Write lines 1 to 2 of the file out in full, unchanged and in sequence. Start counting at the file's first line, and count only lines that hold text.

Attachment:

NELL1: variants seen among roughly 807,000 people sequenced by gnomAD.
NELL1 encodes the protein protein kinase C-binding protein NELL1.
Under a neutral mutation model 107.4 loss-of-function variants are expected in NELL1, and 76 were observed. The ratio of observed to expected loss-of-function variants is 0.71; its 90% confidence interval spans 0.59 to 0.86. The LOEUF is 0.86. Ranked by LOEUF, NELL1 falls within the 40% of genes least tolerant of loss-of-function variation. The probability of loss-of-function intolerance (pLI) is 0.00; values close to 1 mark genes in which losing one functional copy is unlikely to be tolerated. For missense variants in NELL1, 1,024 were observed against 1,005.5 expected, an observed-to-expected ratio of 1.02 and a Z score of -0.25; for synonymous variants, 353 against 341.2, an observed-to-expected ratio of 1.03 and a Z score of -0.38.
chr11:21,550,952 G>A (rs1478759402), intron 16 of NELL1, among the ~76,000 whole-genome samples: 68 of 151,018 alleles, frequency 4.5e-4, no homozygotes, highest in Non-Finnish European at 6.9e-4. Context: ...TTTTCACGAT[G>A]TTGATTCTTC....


NELL1: variants seen among roughly 807,000 people sequenced by gnomAD.
NELL1 encodes the protein protein kinase C-binding protein NELL1.